Director Christopher Lehnhoff's unconventional production of Tosca with the Nederlandse Opera and the Royal Concertgebouw Orchestra succeeds largely because of the exceptional musical performances of the cast and the confident leadership of Riccardo Chailly. It's certainly a luxury to have an ensemble with the prestige of the Concertgebouw as a pit orchestra, and the professionalism they bring to Puccini's treacherous but deceptively simple-sounding score makes a significant difference in the overall impact of the opera. Chailly leads the orchestra and chorus (plus the chorus of the Utrecht Cathedral Choirschool) in a shattering performance of the melodrama. While all the leads are terrific, it's Bryn Terfel's Scarpia in his first performance of the role that drives this drama. His acting skills place him heads and shoulders above most of his operatic colleagues of his generation. He's fully believable and truly scary as the bully with the power to destroy anything he chooses, and his vocal strength and the finesse of his singing make him an iconic Scarpia. As fine a singing actress as Catherine Malfitano is, her Tosca is overshadowed by Terfel's magnetic presence, but perhaps that imbalance is appropriate in the second act, when Scarpia holds all the cards and Tosca is at his mercy. It's difficult to tell whether it is a matter of orchestral imbalance or her lack of vocal power, but occasionally the orchestra swallows up her sound. Richard Margison is in excellent voice as Cavaradossi. He tends to underplay dramatically, but he holds his own in his confrontations with Terfel.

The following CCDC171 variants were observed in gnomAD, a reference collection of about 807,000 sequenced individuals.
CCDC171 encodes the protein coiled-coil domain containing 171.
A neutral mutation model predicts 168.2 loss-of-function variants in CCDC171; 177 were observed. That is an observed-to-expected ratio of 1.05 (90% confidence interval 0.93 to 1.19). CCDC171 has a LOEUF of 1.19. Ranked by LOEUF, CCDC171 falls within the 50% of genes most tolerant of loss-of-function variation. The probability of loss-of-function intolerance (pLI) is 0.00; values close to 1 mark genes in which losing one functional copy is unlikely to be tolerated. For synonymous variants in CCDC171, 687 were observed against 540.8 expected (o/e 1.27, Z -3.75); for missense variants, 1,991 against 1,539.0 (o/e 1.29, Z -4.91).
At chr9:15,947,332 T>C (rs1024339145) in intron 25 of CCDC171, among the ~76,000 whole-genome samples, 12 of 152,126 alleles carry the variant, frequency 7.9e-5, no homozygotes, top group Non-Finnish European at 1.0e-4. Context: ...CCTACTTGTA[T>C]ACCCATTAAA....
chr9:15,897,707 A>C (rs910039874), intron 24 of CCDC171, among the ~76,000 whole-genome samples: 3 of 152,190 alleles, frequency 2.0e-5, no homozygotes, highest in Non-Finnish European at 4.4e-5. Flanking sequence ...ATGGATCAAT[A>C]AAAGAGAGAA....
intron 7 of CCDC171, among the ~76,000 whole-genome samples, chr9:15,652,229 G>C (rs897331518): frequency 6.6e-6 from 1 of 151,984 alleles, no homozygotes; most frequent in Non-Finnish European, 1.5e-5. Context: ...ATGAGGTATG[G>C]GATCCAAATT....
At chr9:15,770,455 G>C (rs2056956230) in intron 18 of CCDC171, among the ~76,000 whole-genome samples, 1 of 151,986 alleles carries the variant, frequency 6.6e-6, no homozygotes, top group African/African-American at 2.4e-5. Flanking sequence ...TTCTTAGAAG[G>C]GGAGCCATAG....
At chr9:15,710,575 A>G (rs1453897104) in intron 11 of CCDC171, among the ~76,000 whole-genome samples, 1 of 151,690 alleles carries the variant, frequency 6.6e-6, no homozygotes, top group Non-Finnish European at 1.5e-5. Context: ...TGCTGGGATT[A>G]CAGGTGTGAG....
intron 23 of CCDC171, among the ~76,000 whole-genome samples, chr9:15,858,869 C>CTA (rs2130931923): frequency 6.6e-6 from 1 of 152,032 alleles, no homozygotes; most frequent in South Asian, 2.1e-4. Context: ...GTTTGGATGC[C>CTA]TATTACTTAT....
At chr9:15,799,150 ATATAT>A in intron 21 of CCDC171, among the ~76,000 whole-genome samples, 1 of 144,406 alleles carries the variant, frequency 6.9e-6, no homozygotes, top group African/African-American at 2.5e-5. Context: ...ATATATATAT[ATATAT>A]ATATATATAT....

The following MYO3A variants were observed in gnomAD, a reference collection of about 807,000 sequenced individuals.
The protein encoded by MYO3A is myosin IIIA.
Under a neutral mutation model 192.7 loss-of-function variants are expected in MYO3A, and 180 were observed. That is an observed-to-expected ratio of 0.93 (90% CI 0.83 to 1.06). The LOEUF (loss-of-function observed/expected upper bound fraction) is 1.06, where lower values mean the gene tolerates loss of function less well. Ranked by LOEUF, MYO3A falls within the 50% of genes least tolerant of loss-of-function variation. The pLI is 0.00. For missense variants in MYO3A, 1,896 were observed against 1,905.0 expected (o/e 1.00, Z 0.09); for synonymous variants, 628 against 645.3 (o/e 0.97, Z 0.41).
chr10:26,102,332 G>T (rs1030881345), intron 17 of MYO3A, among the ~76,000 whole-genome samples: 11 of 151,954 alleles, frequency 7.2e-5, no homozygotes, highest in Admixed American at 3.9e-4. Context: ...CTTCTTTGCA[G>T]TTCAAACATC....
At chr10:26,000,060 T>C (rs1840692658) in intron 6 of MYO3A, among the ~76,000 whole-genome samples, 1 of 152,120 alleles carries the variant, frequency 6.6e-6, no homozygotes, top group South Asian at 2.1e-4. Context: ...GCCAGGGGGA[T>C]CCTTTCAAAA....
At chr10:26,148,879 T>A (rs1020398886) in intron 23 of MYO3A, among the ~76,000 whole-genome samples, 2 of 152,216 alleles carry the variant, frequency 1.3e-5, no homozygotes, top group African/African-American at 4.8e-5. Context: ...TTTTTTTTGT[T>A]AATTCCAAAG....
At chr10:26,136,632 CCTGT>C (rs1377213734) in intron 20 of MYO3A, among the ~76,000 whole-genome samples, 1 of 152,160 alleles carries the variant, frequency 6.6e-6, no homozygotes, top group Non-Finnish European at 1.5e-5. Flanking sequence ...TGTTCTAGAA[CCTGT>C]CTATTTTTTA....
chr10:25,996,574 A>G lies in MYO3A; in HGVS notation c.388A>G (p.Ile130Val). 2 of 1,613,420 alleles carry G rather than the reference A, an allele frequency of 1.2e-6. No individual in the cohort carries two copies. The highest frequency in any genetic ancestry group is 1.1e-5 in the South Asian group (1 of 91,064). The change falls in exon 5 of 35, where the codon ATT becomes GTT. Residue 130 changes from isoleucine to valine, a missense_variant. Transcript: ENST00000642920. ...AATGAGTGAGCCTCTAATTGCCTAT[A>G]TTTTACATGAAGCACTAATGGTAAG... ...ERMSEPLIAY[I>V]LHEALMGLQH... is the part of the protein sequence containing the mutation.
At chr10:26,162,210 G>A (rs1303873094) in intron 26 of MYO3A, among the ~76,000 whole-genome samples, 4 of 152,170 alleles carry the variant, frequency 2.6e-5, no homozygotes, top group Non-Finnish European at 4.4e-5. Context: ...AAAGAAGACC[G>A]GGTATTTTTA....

Lehnhoff purposefully avoids any attempt at a realistic portrayal of the three well-known Roman sites where the opera is set. Set and costume designers Raimund Bauer and Falk Bauer give the opera a vaguely modernistic but non-specific setting. The first act is dominated by Cavaradossi's painting, a huge close-up of Mary Magdalene's face, and gigantic airplane propellers symbolize Scarpia's power in the second and third acts. It doesn't necessarily all hang together coherently, but it makes for a number of very striking and memorable stage pictures. The musical and dramatic strengths of this performance make it one that should interest fans of the piece, and Terfel's performance alone demands the attention of anyone who cares about dramatic verisimilitude in opera.